Letters of Recommendation
Letters of recommendation play a crucial part in your application for scholarships, employment, graduate and professional programs, and volunteer positions. Familiarize yourself with the procedures involved in requesting such letters and in following through on your requests. CLA operates a Recomendation Letter Service with Interfolio.
Clarify Your Purpose
Your first step is to determine what sort of letter you need.
- For a job, determine what qualifications your recommender should emphasize.
- For a scholarship, determine what academic work you believe represents you at your best.
- For a graduate or professional program, determine what qualities, both academic and personal, seem the most essential to address.
Select Your Recommenders
Once you know what you would like your recommender to say, consider who he or she will be.
- For letters that address your academic and scholarly abilities, a tenured faculty member in your field with whom you have had one or more classes is a good choice. It helps, too, if you have at least occasionally talked with such a faculty member on a personal level.
- If you are preparing an application for employment, current employers (on or off campus) are ideal choices, although instructors might also be able to provide relevant information based on their experiences with you in classes (in terms of participation, engagement, quality of work, and respect for deadlines).
Request the Letter
When you have a recommender in mind, approach her or him with the simple request, "Would you be willing to write a letter of recommendation for me for (name the specific purpose)?" Approach people as early as possible so that they have sufficient time to write the best possible letters. After the person has indicated such willingness, your next step is to provide appropriate information. This should include:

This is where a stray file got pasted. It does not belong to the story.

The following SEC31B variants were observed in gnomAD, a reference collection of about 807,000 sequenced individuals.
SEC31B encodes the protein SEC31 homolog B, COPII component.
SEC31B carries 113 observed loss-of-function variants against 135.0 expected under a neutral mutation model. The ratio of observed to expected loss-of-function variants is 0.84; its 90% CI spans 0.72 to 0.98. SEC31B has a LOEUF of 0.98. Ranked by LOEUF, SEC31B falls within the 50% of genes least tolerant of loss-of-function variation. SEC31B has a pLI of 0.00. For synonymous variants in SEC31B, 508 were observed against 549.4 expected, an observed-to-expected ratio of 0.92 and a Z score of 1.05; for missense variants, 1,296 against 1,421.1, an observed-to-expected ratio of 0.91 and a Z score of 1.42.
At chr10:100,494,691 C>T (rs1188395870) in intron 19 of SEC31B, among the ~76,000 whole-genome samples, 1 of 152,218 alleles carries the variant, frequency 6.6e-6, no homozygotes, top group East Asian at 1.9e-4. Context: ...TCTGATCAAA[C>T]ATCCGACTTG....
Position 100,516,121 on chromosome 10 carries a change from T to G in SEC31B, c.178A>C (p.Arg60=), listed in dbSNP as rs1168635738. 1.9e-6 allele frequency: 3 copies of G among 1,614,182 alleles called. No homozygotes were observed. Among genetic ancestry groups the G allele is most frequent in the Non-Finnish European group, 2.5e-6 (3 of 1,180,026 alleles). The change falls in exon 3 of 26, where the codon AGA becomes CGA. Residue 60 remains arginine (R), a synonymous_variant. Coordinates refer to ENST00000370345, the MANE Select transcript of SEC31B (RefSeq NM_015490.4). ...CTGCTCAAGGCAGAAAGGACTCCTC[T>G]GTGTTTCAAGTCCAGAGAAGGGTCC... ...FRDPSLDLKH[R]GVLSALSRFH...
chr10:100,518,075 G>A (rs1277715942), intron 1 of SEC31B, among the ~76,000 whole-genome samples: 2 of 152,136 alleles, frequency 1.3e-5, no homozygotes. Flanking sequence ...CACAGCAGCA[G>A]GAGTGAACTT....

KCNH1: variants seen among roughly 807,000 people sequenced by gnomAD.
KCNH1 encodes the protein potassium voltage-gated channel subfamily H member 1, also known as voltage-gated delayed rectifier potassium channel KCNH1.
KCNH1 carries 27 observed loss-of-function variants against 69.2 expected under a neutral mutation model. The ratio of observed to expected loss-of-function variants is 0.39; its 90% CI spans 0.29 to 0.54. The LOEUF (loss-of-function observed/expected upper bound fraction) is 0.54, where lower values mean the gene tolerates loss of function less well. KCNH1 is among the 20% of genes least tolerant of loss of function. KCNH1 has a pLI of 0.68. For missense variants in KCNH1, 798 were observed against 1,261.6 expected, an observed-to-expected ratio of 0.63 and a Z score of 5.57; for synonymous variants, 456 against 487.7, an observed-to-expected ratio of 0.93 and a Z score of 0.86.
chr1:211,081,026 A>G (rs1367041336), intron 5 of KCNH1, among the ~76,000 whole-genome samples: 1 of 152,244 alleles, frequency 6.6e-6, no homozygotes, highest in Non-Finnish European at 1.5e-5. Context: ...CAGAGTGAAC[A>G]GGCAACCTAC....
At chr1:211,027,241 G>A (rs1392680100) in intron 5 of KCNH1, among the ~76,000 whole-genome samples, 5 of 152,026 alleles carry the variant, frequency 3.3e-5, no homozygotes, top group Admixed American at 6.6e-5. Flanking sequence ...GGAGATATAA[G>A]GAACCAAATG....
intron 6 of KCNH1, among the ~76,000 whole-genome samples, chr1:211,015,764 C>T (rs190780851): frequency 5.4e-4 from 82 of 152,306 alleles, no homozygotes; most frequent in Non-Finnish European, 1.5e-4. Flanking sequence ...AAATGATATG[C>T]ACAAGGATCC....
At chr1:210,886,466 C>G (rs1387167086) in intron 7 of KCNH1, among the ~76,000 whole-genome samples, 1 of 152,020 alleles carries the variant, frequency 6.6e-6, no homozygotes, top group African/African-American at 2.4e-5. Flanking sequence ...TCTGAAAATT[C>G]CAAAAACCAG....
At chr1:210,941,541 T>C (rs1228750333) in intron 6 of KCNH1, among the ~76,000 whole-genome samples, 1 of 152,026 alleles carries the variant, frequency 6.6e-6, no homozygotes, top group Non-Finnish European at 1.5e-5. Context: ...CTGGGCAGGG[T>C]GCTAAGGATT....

- The purpose of the letter and the date on which it is due.
- The person, office, or committee to whom/which the letter should be addressed (include a stamped, addressed envelope).
- A copy of your resume and your transcript.
- A statement of your educational interests or intent and how they are related to the purpose for which the letter is being written (see Personal Statement); a course paper that you wrote for the recommender if she or he is an instructor; and possibly a more recent sample of your writing, if this seems appropriate.
After the letter has been written, send a thank you note to your recommender. Once you learn the outcome of your application, especially if the news is good, let your recommender know.
Establish a Recommendation Letters File
If you are applying to graduate school, you can open a recommendation letters file through Career Services (411 Science Teaching & Student Services Building, 612-624-7577).